Ross Davies has designed a “Single Sheet Classic” poster for the Green Bag about The Evarts Act of 1891, which created the initial nine regional circuit courts of appeals. The FJC offers this description:
In 1890 the House of Representatives approved by a large majority a bill to abolish the circuit courts, establish courts of appeals, and free Supreme Court justices from any circuit duties. In the Senate, William Evarts of New York offered a substitute that achieved many of the same goals but preserved more of the existing structure of the judiciary. The enactment of Evarts’ proposal in 1891 established a court of appeals in each of the nine circuits, but maintained the circuit courts to operate as trial courts alongside the district courts. The Evarts Act established an additional judgeship for each circuit and authorized the circuit justice, the circuit judges, or district judges to preside over each three-person court of appeals. In diversity suits and in several categories of cases before the courts of appeals, there was no right of appeal to the Supreme Court, although those courts could certify cases for a decision from the high Court. The Supreme Court justices also could grant a writ of certiorari to hear individual appeals. The impact of the act was quickly apparent as the number of new cases before the Supreme Court fell from 623 in 1890 to 379 in 1891 and 275 in 1892.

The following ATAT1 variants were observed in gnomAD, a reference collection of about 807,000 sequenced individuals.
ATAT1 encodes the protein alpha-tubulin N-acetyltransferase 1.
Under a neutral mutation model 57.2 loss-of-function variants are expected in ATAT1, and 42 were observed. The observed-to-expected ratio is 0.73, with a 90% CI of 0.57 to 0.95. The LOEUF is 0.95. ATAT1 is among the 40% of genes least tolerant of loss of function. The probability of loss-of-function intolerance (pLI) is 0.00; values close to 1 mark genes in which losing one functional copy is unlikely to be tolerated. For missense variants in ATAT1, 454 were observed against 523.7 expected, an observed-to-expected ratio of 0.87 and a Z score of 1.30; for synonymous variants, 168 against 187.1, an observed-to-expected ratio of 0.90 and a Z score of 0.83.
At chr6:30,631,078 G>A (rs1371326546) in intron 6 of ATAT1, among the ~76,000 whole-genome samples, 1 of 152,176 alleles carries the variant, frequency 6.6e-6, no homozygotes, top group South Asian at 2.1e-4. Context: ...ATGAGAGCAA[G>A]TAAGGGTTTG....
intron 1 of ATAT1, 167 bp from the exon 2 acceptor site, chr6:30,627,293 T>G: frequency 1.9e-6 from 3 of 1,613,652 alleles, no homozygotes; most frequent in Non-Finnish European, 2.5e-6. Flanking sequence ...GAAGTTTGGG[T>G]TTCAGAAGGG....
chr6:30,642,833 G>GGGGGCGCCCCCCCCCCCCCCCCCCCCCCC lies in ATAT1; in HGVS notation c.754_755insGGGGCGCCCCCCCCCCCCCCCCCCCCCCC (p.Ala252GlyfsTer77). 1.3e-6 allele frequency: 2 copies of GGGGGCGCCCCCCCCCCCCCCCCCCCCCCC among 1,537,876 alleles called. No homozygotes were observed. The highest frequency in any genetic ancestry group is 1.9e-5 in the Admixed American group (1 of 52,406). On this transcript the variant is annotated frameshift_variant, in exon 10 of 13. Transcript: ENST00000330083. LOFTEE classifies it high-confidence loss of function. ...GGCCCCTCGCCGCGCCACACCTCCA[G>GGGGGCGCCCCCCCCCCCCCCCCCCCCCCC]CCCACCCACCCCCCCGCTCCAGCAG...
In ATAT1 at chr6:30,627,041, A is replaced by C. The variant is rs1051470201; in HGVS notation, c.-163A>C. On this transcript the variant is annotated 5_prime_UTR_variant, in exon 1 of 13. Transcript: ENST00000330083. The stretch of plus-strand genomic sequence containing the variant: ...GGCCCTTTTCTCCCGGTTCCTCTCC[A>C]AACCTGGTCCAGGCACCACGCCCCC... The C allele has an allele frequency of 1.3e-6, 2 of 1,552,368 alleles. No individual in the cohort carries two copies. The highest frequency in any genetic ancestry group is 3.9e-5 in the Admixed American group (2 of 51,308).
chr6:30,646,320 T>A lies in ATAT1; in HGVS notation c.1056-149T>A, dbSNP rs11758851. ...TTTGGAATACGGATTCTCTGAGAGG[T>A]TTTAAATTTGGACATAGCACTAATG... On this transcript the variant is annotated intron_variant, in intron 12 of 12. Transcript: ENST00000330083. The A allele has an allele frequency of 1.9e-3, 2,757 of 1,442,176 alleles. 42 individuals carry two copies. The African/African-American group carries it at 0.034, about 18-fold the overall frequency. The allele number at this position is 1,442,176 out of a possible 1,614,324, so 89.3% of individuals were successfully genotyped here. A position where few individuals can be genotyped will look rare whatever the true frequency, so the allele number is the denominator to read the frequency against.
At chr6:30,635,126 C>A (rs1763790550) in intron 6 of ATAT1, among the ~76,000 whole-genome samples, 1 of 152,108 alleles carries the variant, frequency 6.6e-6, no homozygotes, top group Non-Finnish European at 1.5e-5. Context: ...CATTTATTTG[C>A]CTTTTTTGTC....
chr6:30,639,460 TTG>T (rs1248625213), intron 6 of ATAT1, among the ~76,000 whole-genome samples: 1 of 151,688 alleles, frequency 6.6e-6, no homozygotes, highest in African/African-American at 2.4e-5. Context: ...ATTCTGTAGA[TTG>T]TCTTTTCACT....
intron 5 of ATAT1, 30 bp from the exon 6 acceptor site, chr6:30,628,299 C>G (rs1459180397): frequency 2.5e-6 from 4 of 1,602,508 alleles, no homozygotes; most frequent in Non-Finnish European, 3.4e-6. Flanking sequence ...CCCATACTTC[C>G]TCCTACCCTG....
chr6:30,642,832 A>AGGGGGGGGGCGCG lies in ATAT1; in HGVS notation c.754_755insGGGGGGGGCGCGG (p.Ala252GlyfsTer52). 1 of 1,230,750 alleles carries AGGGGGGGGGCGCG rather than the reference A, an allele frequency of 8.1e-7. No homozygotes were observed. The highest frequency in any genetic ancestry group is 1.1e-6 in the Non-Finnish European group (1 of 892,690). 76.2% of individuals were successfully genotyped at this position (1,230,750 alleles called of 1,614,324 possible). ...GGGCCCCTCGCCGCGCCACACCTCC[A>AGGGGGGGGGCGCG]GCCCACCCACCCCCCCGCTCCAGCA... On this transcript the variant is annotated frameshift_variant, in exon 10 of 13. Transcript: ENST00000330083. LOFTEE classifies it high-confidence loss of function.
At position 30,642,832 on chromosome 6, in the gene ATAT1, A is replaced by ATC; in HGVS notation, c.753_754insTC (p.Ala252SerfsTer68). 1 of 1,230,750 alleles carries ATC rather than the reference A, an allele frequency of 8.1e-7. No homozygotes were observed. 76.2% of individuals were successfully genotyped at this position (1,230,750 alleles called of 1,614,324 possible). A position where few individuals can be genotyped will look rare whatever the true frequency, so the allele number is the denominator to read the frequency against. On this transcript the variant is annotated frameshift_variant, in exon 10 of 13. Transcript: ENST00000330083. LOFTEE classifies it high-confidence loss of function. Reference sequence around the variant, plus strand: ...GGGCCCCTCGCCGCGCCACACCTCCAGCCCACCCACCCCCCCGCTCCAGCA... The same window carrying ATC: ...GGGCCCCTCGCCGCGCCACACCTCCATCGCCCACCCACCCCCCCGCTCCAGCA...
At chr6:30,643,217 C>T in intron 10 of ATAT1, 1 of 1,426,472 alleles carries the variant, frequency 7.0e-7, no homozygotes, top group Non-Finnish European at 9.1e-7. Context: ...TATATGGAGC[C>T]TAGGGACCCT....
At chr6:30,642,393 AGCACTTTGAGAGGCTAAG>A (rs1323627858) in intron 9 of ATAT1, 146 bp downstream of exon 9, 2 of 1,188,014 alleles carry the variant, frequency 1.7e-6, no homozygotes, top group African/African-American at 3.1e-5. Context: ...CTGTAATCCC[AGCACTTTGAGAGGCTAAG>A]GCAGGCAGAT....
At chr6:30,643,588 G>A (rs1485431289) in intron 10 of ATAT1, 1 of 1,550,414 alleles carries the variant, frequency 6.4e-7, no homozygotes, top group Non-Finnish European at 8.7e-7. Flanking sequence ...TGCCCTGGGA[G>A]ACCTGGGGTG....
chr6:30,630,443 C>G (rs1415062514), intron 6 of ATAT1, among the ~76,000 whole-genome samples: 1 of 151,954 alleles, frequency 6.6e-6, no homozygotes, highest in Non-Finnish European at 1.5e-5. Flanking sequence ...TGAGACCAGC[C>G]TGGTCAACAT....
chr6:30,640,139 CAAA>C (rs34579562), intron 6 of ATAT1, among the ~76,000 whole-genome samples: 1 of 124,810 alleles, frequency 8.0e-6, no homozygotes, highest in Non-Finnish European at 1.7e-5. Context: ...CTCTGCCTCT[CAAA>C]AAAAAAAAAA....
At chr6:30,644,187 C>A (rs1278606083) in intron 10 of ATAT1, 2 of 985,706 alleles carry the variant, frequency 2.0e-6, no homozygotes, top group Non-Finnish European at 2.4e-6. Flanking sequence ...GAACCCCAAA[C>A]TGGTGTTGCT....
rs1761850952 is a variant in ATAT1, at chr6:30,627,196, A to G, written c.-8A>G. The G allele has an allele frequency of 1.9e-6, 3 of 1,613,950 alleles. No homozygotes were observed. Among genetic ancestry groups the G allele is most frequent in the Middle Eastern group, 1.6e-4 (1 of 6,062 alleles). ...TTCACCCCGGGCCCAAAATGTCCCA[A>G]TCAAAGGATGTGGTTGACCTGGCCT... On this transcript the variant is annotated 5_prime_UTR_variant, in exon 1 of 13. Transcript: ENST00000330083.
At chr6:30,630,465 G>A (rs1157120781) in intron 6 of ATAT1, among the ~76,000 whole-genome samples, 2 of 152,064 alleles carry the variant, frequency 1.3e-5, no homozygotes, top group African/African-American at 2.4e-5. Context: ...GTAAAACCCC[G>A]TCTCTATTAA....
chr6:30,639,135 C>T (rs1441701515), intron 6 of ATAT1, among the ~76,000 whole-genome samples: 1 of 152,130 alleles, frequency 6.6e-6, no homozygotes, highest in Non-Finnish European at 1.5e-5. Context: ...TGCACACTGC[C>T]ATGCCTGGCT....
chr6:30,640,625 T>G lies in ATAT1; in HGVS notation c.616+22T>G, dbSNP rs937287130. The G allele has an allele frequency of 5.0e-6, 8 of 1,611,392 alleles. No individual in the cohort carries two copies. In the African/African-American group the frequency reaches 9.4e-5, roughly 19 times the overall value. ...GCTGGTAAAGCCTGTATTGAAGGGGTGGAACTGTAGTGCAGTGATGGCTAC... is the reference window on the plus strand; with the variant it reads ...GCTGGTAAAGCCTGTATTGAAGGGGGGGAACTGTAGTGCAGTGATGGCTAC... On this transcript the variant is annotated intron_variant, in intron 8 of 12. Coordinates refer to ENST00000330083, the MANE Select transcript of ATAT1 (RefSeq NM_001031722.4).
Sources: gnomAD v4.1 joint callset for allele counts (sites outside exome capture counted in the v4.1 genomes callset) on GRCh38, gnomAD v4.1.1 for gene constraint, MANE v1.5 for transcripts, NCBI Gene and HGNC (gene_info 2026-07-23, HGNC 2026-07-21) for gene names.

The poster illustrates drawings of each of the nine circuit courts of appeals, with fascinating tidbits about each.
The First Circuit in Boston:
The Second Circuit in New York:
The Third Circuit in Philadelphia:
The Fourth Circuit in Richmond:
The Fifth Circuit in New Orleans:
The Sixth Circuit in Cincinnati:
The Seventh Circuit in Chicago:
The Eighth Circuit in St. Louis:
And the Ninth Circuit in San Francisco:
What a cool poster. I can’t wait to hang it up!